Director Pramod Mohan’s Oraayiram Kinakkalal is set in the new Kochi city where everything looks prim and splendid. The modish cafés that serve expensive photogenic food, plush upper-class residences that one sees in brand commercials, and office rooms which have colorful walls and curiously designed interiors. What can possibly go wrong in such good-looking places?
Oraayiram Kinakkalal (With A Thousand Dreams) is about three people who live in this bubble of a developing metropolis. This is neither a dark film, like Kammattipadam that split open the complex fabric of the city and revealed its unpleasant foundation, nor a life-affirming Parava that explored the social nuances of Mattanchery through the story of two early teens. Oraayiram Kinaakkal follows the format of some of the early new-generation Malayalam films that unfold over a brief period of time, centered on characters who pursue quick money through corrupt ways, often in order to survive the trappings of city life. It is driven by the story-line; the twists and turns of it, and is underlined by a universal message – what goes around comes around.
The anchor of Oraayiram Kinaakkalal, Sreeram (Biju Menon) is a soft-spoken gentleman.
The title of the film is a nod to the famous song in Ramji Rao Speaking, a movie about three unemployed men who pretend to be kidnappers to extort some ransom money from a rich man whose child had been abducted by a gangster. Their plan works foolproof, until they start doubting each other. In Oraayiram Kinaakkalal, you keep looking out for that moment when one of these people turn against the rest. There is a large sum of money in hand, and one of these people could turn greedier, betray the team and elope with all the cash. The best part of the film is that it manages to keep the audience guessing for a long time. The predicament and desperation of Sreeram, a regular tax-paying common man, indulging in a crime for the first time makes for some humorous moments. Saikumar’s Lalaji, his animated mannerisms and quirky settings where he has based himself add a comic book feel to the movie. He is a more sophisticated version of Neram‘s RayBan. The comedy really works for it is situational or imaginative, never jutting out of the film.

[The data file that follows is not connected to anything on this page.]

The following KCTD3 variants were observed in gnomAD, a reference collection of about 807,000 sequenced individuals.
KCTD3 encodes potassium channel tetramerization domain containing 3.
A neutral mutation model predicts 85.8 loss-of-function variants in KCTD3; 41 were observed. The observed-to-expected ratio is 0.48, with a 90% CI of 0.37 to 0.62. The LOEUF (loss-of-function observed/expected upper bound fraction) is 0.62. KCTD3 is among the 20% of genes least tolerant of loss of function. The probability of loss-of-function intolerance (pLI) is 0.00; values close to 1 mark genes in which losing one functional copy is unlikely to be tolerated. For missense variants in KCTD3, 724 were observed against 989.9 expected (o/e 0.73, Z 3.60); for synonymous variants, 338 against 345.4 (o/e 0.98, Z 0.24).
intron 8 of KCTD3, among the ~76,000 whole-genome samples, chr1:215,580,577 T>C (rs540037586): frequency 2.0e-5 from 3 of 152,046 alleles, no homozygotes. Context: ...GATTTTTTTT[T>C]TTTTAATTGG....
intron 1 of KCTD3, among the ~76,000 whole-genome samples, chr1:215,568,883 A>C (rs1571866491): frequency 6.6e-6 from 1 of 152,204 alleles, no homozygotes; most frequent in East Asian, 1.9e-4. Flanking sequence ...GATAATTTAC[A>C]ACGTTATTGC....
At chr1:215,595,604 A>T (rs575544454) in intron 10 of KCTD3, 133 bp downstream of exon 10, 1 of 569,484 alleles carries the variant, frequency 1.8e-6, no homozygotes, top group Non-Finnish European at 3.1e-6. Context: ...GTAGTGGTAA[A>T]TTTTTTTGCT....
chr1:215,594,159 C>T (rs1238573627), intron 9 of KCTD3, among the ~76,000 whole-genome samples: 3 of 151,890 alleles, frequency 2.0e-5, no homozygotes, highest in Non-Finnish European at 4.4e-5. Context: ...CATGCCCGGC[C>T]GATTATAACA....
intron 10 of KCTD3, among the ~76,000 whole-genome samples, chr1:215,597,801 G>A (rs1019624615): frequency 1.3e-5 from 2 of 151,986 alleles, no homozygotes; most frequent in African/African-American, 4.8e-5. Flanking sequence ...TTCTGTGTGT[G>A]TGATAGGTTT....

But the film takes for granted everything outside its core proceedings. Sreeram’s wife, played by a non-Malayali actress, is a sweet woman who never, even for a second, lose her temperament. Her husband’s actions off late are sure suspicious, and she is in the last leg of her pregnancy, the period when her hormones go haywire. Their interactions are lifeless, and it affects the characterisation of Sreeram. So is the way sub-inspector Shajahan (Shajon), a senior police inspector who is a familiar face in the city, behaves on the night of the big crime.
Although the films has numerous shortcomings, including lackluster music, its cast isn’t one of them. Biju Menon’s spontaneity and an unparalleled talent to look disarming on screen works marvelously in this film, like it has in the past in films such as Vellimoonga and Rakshadhikari Baiju. He is a perfect foil to his co-star, Roshan, who effortlessly portray the urbane youngster with an evil edge. While Biju and Shajon play their roles which are similar to the ones have done many times before, Roshan surprises in this new avatar.
Oraayiram Kinaakkalal is the kind of a movie that might seem trivial and asinine on the second watch. It runs on a dangerously loose thread. It could have been a slick urbane thriller-drama, but thanks to severe lack of intelligent writing, the film ends up as forgettable and put-on.
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